It was a tough job for a seventh-grade teacher, but somebody had
to do it. And Maryanne Kalin Miller is just the person.
Miller, who has been teaching at Francis W. Parker in Chicago
for 40 years, is the school's point person on a cultural exchange
program with a couple of schools in Niamey, Niger - a landlocked
country smack dab in the middle of northern Africa, on the southern
end of the Sahara Desert.
About 10 high school age kids from Niamey are learning how to
collect data and do research on animals. About 72 seventh-graders
from Chicago are learning the same thing. And they're learning a
lot about each other in the process. They're talking to each other
via Skype (see video) and studying each others' countries. And when
a representative from the school had to go to Niger to help make
sure they were all on the same page, well, Miller thought it was
her duty to go.
Not that she had fun or anything.
"It was very exciting," said Miller, in a telephone interview
after she came back to Chicago. "I knew very little about Niger
before I went." She was impressed, she said, by the quality of the
two schools they're working with and students, who were all fluent
in at least three languages: English, French and a local
In fact, Miller and the three representatives from the Lincoln
Park Zoo who accompanied her on the trip rapidly found out upon
meeting the students that they had to change their
"I realized how quickly these students learned and we added a
lot of things" that most kids usually study in college. "They can
handle it," Miller said.
This pleased Rachel Bergren, vice president of education at the
Lincoln Park Zoo. This cultural and learning exchange program was
spearheaded by the zoo, which is located across the street from
Parker. The zoo received a $93,000, one-year grant from the
American Association of Museums, which suggested they work with the
National Museum of Niger on the project.
Bergren accompanied Miller on the trip to Niger, whose main
purpose "was to work with the educators, the museum professionals
and the students to support them in doing authentic research and
sharing the curriculum we've developed at Lincoln Park Zoo."
But Bergren had a secondary reason for going. A great deal of
money had been sent to the museum in Niamey to set up a computer
lab and camera traps (which record wildlife when people aren't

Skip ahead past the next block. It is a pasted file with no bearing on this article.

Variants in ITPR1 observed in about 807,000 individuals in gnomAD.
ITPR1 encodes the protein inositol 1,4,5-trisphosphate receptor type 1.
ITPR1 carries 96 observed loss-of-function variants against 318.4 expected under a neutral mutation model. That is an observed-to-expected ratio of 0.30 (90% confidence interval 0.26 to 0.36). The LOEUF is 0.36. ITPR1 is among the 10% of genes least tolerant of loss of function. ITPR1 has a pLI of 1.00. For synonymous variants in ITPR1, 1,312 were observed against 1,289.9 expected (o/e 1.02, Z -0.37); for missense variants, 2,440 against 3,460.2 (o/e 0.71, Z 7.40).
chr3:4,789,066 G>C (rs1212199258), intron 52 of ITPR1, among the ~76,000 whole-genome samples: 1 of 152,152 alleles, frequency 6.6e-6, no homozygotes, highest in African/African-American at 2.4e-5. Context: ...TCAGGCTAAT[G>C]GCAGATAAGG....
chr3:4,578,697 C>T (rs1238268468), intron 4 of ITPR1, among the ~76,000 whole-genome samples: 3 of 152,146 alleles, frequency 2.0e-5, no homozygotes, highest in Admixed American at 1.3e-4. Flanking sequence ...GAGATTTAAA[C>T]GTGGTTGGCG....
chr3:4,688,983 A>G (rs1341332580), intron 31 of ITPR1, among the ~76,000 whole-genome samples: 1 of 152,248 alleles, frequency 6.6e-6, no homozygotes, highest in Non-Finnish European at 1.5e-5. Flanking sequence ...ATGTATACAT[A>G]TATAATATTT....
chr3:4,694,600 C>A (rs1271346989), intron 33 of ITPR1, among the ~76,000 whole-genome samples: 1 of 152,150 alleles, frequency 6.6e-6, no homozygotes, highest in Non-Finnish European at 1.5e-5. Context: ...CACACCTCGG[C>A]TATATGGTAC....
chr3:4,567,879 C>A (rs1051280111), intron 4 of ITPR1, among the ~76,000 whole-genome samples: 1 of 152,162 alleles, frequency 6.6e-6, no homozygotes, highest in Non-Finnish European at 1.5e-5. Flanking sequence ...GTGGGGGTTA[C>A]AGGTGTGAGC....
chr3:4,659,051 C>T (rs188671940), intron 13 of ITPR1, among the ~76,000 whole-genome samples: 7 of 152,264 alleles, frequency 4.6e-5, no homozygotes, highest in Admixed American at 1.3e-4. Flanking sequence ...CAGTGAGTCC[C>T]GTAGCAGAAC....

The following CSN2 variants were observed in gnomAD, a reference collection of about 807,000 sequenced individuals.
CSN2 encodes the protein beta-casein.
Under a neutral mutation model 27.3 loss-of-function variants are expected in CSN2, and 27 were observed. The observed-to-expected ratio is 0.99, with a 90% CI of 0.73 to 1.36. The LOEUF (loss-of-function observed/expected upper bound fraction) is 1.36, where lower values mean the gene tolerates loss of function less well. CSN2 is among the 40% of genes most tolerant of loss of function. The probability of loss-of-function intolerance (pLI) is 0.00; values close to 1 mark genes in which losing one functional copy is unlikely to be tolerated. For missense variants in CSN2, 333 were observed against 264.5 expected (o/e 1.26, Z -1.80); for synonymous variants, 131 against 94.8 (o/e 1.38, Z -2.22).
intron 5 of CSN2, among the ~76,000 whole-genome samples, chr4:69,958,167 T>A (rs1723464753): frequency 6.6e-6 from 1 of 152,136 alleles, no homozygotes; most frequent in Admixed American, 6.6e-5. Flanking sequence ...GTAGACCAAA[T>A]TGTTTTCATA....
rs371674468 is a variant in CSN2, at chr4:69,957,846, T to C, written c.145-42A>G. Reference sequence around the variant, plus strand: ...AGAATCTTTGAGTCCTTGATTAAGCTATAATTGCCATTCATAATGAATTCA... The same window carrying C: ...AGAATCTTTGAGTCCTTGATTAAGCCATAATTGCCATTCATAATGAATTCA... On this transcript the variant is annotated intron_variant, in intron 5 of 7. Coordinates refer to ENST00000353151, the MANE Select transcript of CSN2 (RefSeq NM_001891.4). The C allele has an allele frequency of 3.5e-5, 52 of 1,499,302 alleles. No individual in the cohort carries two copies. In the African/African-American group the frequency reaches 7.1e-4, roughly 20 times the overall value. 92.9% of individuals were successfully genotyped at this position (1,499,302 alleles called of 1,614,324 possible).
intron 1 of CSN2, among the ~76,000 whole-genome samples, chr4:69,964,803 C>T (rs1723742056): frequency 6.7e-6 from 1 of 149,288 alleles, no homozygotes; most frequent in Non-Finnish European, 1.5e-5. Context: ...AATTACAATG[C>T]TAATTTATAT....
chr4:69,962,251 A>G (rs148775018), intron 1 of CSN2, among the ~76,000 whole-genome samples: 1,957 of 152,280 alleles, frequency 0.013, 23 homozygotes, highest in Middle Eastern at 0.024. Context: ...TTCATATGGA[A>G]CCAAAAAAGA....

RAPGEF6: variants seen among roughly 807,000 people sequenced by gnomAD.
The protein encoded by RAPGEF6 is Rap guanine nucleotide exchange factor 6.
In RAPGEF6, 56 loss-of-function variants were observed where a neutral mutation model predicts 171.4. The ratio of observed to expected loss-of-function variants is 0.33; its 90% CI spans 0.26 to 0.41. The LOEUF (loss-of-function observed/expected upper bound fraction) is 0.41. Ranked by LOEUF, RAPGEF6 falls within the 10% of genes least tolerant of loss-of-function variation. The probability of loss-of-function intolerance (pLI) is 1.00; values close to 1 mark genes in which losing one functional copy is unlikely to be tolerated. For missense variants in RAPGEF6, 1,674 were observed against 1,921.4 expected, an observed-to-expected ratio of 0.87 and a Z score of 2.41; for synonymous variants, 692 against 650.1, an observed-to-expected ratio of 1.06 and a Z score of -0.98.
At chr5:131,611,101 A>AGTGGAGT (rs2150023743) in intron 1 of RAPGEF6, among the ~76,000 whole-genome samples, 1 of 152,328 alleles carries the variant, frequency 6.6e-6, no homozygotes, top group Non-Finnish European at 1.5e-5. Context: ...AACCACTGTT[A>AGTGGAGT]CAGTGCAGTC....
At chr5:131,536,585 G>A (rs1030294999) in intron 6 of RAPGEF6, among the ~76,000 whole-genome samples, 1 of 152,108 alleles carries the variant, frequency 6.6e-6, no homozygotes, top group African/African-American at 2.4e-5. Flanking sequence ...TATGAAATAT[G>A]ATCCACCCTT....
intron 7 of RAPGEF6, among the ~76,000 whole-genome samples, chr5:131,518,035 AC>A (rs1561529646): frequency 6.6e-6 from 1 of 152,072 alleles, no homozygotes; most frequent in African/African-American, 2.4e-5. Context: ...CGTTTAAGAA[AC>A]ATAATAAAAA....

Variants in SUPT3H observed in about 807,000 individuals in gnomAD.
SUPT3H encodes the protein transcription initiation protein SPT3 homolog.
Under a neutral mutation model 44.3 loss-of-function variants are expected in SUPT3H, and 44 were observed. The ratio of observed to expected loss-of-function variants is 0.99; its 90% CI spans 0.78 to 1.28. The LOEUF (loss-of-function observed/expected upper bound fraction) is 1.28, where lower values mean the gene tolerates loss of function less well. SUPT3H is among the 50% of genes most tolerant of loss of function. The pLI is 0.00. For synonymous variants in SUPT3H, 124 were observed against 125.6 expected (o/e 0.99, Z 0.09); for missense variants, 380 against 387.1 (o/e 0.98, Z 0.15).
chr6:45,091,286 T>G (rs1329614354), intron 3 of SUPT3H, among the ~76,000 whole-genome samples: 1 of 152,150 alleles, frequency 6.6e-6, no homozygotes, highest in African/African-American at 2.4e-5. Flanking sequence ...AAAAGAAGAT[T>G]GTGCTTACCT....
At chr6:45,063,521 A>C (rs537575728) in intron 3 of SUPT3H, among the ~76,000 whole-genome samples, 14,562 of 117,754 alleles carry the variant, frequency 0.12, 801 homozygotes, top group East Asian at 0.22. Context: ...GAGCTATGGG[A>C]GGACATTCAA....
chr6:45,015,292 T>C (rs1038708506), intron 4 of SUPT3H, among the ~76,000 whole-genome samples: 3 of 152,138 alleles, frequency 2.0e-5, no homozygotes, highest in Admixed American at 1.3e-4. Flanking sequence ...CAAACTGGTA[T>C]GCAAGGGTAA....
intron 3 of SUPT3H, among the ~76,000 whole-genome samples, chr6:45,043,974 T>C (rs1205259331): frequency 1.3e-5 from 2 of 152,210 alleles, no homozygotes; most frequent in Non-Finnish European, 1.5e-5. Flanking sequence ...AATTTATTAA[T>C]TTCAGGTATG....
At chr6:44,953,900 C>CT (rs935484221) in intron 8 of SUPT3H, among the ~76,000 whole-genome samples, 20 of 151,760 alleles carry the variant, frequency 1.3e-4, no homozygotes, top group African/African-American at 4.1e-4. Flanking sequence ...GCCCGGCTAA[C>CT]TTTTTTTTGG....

around), and to supply basic tools like binoculars. She also wanted
to make sure the students and teachers were following the
scientific process the zoo researchers had laid out for them.
"It was important," Bergren said, "for us to see our museum
partners delivering on what they said they were going to do."
She was not let down. But she also saw the hurdles that
students, teachers and museum professionals have to overcome. A
recent Skype call between the students of both countries almost
didn't happen, because that section of Niamey had experienced a
brownout just hours before. The country, according to Miller and
Bergren, simply can't afford electricity all the time, so they have
rolling brownouts to conserve.
"The students were so patient, which really indicated to me that
this is a way of life," said Bergren.
The pair also saw that a dedication to culture is also a way of
life in Niamey. Their hosts were eager to show them around the
country, and pointed out things like a music museum, built with the
help of the government of Spain, whose mission is to record modes
of music that many of Niamey's elders know, but that have not been
passed down to younger generations. Miller, in particular, said she
was struck by the beauty of music that is hundreds of years
The American guests were also taken to a giraffe sanctuary,
located at a part of the Niger River where the countries of Niger,
Burkina Fasso and Mali intersect. All three countries administer
the sanctuary, and for Bergren, this was an example of how
dedicated North African countries are to preserving wildlife.
Miller sees the sanctuary as an opportunity for the future, to
get out of the zoo (which, in Niamey, is very primitive) and set up
inquiries where animals live.
"There's so much more going on that's natural and genuine and
organic when you see animals in the wild," Miller said. She wants
to see Niamey's students venture out to these natural resources,
and perhaps work with some of Parker's older students to study the
giraffes and jackals and hippos in depth.
She also has another goal. She wants to go back. And next time,
she wants to take some students with her.
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